Victor Wanyama made history on his Southampton debut in August as it meant Kenya became the 100th country outside of the United Kingdom to have a Premier League player.

Wanyama had long dreamed of making his mark in the Premier League but had hoped it would be for what he achieved on the pitch, rather than through a quirk of fate.

As a child in Nairobi, the midfielder wanted to be the next Patrick Vieira or Roy Keane of the Premier League and, during Southampton’s early-season rise to fourth, some pundits said they could see a touch of Vieira in his play.

As I remind him of that, he laughs: “Yeah, people did say I play like Vieira. I like going forward from midfield. The manager does not ask me to stay back but you have to pick the moments to go.” But then, as if realising this may sound as if he is trying to present himself as the new Vieira, he says: “It is not for me to say I am a Vieira.”

What the Kenya captain will talk about are his ambitions that go beyond personal glory. “Everyone back home is looking up at me to show people that Kenyans can play and open doors to others. We Kenyans have a lot of talent. It’s just that we don’t have scouts going there. I hope I will raise the profile so in the future the scouts go there, then our players can show their skills.”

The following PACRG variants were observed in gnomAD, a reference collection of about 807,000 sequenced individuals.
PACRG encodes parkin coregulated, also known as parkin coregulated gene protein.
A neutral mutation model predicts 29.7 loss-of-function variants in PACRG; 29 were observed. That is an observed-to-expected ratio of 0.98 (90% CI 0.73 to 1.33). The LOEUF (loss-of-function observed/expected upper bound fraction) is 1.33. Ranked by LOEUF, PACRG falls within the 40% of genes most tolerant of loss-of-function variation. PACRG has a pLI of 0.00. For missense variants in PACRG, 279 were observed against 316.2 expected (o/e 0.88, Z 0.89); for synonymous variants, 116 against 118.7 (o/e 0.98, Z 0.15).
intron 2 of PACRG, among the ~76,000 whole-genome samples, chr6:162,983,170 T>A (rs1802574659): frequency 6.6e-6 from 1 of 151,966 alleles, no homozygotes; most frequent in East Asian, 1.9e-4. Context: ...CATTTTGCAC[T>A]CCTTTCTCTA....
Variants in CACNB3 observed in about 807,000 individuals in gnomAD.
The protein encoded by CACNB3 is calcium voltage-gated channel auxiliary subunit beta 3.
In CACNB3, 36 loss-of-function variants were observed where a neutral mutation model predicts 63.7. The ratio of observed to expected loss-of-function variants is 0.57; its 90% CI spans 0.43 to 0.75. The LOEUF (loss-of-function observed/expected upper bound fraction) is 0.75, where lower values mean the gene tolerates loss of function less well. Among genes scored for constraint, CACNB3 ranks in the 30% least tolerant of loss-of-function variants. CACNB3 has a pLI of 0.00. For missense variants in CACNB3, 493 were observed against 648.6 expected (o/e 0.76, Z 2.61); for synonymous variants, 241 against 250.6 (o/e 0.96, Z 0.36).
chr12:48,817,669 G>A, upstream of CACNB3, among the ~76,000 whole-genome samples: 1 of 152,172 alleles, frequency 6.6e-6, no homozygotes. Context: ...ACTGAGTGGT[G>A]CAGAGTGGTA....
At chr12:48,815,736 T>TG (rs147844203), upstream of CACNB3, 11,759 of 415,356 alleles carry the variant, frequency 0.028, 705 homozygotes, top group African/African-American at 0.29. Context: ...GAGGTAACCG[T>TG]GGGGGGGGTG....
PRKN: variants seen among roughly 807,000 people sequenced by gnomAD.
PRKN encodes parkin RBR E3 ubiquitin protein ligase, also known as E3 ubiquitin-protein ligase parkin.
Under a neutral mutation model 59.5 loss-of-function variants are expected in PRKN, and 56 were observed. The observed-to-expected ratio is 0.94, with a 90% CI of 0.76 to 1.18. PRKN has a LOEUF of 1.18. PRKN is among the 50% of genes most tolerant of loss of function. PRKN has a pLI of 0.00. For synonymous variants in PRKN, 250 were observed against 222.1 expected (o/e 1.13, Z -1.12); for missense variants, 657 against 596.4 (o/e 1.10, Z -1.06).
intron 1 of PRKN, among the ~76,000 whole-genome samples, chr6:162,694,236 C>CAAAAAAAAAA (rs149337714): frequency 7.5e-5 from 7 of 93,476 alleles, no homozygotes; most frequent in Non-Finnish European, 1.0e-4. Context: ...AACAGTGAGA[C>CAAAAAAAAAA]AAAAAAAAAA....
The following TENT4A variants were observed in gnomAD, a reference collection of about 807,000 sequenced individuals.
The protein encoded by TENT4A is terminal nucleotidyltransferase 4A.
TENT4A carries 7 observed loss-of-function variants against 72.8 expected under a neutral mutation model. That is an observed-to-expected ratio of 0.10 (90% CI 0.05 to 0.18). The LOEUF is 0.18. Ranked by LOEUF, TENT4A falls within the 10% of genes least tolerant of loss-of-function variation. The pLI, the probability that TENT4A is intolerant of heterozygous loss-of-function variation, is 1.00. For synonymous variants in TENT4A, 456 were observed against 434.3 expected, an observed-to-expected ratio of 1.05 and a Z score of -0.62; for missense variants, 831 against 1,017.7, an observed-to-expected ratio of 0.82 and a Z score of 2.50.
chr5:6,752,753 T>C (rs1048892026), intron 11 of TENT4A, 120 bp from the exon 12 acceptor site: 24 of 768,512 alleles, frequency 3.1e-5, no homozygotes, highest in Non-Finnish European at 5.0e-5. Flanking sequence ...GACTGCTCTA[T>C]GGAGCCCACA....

His own opportunities to persuade scouts to get on the next plane to east Africa received a setback in December when he chipped a bone in his leg against Aston Villa, sidelining him for nearly two months. But as we speak, just hours after his return in Saturday’s match at Fulham, where the Saints won 3-0, it is clear the joy that marked his game before the injury is back.

He laughs at the thought that Mauricio Pochettino sees him as a lucky charm. “Maybe. I was unlucky to get injured and the injury was really bad, a hairline fracture. It was very hard for me. It put me back six, seven weeks. I had not played any games before Saturday. I was fit but did not know when I was going to play. Then before the match the manager said he wanted me to play and told me to go and express myself.”

Those were also the words Pochettino used when he signed Wanyama from Celtic for a then club record fee of £12.5million. His arrival was also the work of Nicola Cortese, then managing director. “He, along with the manager, convinced me to come here. I think he had good plans for the club.”

Those plans seemed in tatters when Cortese quit last month after a disagreement with owner Katharina Liebherr. The squad have since been addressed by the owner and Wanyama said: “She came and spoke to the team. Everything went well.”

Impact: Wanyama, seen here in action for Southampton, is quick to credit Europe for his footballing educationImpact: Wanyama, seen here in action for Southampton, is quick to credit Europe for his footballing educationIt will take more than news of such a meeting to reassure fans, more so if Pochettino, brought to the club by Cortese, leaves at the end of the season. “I really don’t know about that,” says Wanyama. “I cannot speak for the manager. My relationship with the manager is just to work on the pitch.